Chávez is, of course, a threat, especially to the United States. Like the Sandinistas in Nicaragua, who based their revolution on the English co-operative moment, and the moderate Allende in Chile, he offers the threat of an alternative way of developing a decent society: in other words, the threat of a good example in a continent where the majority of humanity has long suffered a Washington-designed peonage.
In the US media in the 1980s, the “threat” of tiny Nicaragua was seriously debated until it was crushed. Venezuela is clearly being “softened up” for something similar.
A US army publication, Doctrine for Asymmetric War against Venezuela, describes Chávez and the Bolivarian revolution as the “largest threat since the Soviet Union and Communism”. When I said to Chávez that the US historically had had its way in Latin America, he replied: “Yes, and my assassination would come as no surprise. But the empire is in trouble, and the people of Venezuela will resist an attack. We ask only for the support of all true democrats.”
John Pilger’s new book, Freedom Next Time, is published next month by Bantam Press www.johnpilger.com
Chavez: I’ll Provide Oil for Poor
VIENNA, Austria (May 14, 2006) — Venezuelan President Hugo Chavez said he wants to provide cheap heating oil for low-income Europeans.
The Venezuelan leader worked out a similar deal to deliver discount heating oil this past winter to needy Americans in parts of the eastern United States.
“I’d like to do the same here in Europe,” he said Saturday evening at a gathering in Vienna of activists and representatives of social movements and non-governmental groups.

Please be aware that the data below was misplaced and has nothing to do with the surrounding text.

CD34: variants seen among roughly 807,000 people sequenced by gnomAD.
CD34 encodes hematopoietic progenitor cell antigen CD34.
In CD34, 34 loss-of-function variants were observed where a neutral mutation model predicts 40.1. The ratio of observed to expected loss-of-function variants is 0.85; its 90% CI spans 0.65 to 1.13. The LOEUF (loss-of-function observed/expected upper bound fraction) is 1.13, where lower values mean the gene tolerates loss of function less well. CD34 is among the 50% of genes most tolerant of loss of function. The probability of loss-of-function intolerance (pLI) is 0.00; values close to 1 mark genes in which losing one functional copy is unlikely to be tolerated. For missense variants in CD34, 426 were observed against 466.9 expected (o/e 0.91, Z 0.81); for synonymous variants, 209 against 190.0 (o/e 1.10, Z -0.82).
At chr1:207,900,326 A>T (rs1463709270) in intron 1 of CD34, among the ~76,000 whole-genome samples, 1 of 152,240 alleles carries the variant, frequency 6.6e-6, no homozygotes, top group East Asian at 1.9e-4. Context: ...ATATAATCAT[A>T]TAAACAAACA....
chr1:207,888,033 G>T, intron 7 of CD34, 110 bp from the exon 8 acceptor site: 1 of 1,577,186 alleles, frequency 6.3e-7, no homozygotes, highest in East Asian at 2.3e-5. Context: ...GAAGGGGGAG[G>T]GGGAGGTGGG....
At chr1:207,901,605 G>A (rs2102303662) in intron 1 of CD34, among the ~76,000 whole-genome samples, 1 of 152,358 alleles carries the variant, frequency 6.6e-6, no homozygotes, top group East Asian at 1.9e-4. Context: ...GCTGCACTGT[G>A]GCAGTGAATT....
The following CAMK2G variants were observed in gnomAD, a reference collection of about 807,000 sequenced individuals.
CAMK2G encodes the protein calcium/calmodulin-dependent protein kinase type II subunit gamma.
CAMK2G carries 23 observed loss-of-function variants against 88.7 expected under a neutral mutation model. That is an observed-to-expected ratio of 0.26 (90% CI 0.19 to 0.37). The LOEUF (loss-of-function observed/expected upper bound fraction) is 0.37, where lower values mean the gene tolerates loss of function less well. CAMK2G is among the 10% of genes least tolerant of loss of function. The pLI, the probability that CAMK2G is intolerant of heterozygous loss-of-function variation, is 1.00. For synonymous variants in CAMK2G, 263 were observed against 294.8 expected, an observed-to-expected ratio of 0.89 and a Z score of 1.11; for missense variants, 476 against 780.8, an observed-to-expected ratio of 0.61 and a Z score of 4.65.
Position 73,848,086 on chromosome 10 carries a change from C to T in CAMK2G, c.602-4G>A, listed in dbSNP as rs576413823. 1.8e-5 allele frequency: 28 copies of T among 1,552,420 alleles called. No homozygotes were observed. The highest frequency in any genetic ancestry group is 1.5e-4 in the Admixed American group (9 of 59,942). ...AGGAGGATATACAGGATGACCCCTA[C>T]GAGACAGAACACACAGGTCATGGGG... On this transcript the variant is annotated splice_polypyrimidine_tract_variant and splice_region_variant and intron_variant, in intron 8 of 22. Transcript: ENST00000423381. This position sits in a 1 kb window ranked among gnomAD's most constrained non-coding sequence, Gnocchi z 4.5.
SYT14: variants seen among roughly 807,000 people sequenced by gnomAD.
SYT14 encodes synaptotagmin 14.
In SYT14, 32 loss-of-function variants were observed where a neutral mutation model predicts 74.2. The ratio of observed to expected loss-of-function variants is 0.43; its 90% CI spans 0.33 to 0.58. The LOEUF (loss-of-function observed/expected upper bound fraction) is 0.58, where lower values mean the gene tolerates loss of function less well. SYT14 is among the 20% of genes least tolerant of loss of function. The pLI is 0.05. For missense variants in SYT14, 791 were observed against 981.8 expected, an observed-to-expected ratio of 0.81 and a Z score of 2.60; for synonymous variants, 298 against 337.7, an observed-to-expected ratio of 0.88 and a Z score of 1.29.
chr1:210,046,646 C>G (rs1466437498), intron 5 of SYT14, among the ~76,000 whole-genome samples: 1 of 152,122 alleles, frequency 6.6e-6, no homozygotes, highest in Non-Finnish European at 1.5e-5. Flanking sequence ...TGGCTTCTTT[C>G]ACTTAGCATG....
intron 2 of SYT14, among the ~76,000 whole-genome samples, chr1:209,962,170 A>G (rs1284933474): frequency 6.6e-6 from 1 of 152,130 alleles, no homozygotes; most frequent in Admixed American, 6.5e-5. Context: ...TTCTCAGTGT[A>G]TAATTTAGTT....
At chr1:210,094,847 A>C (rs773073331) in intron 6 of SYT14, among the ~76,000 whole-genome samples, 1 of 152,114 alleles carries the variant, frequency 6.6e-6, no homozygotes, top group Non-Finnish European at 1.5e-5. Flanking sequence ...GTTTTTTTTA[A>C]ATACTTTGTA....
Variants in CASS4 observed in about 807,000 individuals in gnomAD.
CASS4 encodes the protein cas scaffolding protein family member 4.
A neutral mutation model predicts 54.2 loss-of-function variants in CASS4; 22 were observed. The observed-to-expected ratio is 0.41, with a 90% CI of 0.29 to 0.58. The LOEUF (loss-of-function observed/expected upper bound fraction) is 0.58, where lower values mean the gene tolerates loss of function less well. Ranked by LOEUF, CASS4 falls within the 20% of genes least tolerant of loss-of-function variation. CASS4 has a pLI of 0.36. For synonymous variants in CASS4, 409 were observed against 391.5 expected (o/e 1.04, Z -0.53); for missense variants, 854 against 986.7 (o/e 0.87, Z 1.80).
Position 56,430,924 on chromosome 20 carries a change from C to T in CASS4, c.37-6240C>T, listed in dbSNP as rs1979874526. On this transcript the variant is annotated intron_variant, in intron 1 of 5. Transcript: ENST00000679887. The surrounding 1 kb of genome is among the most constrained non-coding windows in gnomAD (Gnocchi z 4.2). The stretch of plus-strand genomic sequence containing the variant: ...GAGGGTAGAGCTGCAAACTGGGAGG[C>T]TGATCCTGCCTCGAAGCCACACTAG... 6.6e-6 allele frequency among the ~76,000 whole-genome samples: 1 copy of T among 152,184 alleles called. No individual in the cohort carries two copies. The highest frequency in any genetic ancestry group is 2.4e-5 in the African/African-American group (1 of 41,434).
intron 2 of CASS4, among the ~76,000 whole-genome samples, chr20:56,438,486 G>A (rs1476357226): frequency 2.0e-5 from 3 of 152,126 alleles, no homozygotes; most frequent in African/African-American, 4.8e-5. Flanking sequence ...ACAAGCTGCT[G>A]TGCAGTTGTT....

The so-called alternative summit was held in parallel to a three-day summit of leaders from the European Union, Latin America and the Caribbean that concluded earlier Saturday in the Austrian capital.
“I want to humbly offer support to the poorest people who do not have resources for central heating in winter and make sure that support arrives,” Chavez said.
Chavez said Venezuela has two oil refineries in Germany and one in Britain but did not provide further details about which countries could benefit from the proposal.
He added that Venezuelan ambassadors in Europe were looking into the matter.
“You Europeans can help us greatly. Your European social networks can make sure the support arrives where it should,” Chavez told the conference.
This past winter, Venezuela delivered cut-rate oil to low-income Americans through Citgo, the Houston-based subsidiary of Venezuela’s state-owned oil company. Some Chavez critics charged the heating aid program was an attempt to embarrass US President George W. Bush and was more of an attempt to score political points than it was an act of charity.
In other comments during his speech, which lasted more than two hours, Chavez — known for his anti-American rhetoric — said that the “final hours of the North American empire have arrived.”
“So now we have to say to the empire: ‘We’re not afraid of you. You’re a paper tiger,”‘ he said.
Chavez, dressed casually in a red shirt, appealed to the audience to unite and promote social change. For example, he said, more business should be steered toward smaller companies to the benefit of laborers in poorer regions, and that doing so would cut out intermediaries.
“We have to unite all possible movements, otherwise the world is not going to change,” he said.
Chavez suggested the conference delegates meet again in the coming months to develop further ideas. He suggested they meet in Cuba in July, in Venezuela in August and in Bolivia in September.
Copyright 2006 The Associated Press.
Posted in accordance with Title 17, US Code, for noncommercial, educational purposes.